For more than a decade, lawmakers have tried to overhaul Fannie and Freddie. The Trump administration has said it wants to work with lawmakers to return the companies to private hands, but the power split in Congress limits the chance of a legislative solution, despite significant interest among lawmakers of both parties. That impasse in turn provides an opportunity for the Trump administration to take steps on its own.
Any move to recapitalize and then release the firms would be a victory for hedge funds and other investors that have been betting on Fannie and Freddie’s privatization for years. Still, it remained unclear how existing shareholders, including mutual-fund giant Capital Group Cos. and hedge funds such as Paulson & Co., would be treated in any capital-raising by the companies. One possible outcome is that the existing shareholders would see their stakes diluted in any new offering.
Trump Administration Criticizes New Fannie Mae, Freddie Mac Mortgage Fee
White House official said new fee would harm consumers.
The Trump administration criticized a move by mortgage-finance companies Fannie Mae and Freddie Mac to charge a new fee on certain mortgages, saying it would harm consumers.
“The White House has serious concerns with this action, and is reviewing it,” a senior White House official said in a written statement late Thursday. “It appears only to help Fannie and Freddie and not the American consumer.”
At issue is a 0.5% surcharge that the government-controlled mortgage giants said they would begin to impose on most mortgages that are refinanced at lower interest rates.
The decision by the companies, which said the fee was meant to address heightened credit risks in the mortgage market, was met with quick opposition from the industry.
Earlier on Thursday, a coalition of 20 industry groups, including the Mortgage Bankers Association and the National Association of Realtors, urged the companies and their regulator, the Federal Housing Finance Agency, to rescind the fee.
The FHFA operates independent of the White House and technically the administration can’t force it to require Fannie and Freddie to rescind the fee.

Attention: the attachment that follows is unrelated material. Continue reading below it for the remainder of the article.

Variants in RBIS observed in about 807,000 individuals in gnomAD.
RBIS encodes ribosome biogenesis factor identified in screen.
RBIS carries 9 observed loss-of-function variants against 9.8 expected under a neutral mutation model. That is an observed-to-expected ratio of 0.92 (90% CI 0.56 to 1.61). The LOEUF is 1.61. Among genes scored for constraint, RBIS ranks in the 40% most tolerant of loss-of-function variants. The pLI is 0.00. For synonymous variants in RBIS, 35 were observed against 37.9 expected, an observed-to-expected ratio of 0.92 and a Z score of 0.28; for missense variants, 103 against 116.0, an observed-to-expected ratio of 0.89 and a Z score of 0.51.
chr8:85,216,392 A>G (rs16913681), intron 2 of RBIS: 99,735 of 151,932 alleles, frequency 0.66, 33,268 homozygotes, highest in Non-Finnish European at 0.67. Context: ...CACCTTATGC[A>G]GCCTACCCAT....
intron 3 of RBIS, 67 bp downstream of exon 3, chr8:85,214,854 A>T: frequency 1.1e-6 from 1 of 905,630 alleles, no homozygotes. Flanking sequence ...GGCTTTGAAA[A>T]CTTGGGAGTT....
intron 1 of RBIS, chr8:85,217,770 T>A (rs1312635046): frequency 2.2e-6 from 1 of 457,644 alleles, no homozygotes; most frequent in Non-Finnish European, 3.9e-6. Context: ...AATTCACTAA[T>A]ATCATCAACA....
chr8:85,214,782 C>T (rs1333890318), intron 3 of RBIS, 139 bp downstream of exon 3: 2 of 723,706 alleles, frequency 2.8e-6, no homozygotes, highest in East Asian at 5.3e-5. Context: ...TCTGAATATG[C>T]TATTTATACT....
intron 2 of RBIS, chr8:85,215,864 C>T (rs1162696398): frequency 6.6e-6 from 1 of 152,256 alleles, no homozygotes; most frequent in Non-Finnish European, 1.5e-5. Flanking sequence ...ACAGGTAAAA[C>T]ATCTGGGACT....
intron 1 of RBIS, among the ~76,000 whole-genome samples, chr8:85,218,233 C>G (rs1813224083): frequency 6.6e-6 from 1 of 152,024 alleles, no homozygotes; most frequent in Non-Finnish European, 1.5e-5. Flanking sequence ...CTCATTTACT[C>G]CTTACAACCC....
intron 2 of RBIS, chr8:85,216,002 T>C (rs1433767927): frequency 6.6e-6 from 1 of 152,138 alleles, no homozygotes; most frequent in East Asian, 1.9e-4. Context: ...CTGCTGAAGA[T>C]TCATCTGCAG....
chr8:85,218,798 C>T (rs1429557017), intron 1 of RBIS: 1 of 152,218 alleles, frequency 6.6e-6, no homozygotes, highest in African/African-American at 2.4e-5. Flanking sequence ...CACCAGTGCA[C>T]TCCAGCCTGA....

Fannie and Freddie, which back nearly half of the $11 trillion U.S. mortgage market, said Wednesday that they would begin charging lenders the added fee next month. It will apply to most loans they buy that borrowers have refinanced to lock in a lower interest rate.
Some mortgage lenders have reported record earnings amid a refinancing boom, and the fee could damp their future profits. It is equal to 50 basis points, or half a percentage point, on each loan Fannie and Freddie guarantees, or roughly $1,400 on the average mortgage backed by the companies, according to industry estimates.
Industry officials said the fee isn’t correlated with the risk of refinanced loans and would simply be passed on to consumers, increasing their costs when the Federal Reserve was acting aggressively to support lower interest rates. Borrowers would likely see only a modest increase in their monthly costs, since the fee would be paid over the life of their loan.
Fannie and Freddie buy mortgages from lenders, package them into securities that are sold to investors and provide guarantees to make the investors whole if the loan defaults. They don’t lend to homeowners.
The fees could help bolster the finances of Fannie and Freddie as they prepare to raise capital and potentially exit from their 11-year tenure under government control.
Fannie, Freddie Should Hold $280 Billion In Capital, FHFA Says
The decision is a key step in efforts to return the two companies to private ownership.
Mortgage giants Fannie Mae and Freddie Mac will have to hold hundreds of billions of dollars of capital to absorb possible losses, their federal regulator decided on Wednesday.
The decision by the Federal Housing Finance Agency is a key step in efforts to return the two companies to private ownership. They were taken over by the government during the 2008 financial crisis in a process known as conservatorship.
“The final rule is another milestone necessary for responsibly ending the conservatorships,” FHFA Director Mark Calabria said in a statement. “FHFA is confident that the final rule puts Fannie Mae and Freddie Mac on a path toward a sound capital footing.”
But the decision sets a high hurdle for the companies. Based on their combined size earlier this year, Fannie and Freddie would have to hold about $283 billion. At present, they hold roughly $35 billion and would need to make up the difference through a combination of retained earnings and possible future stock sales.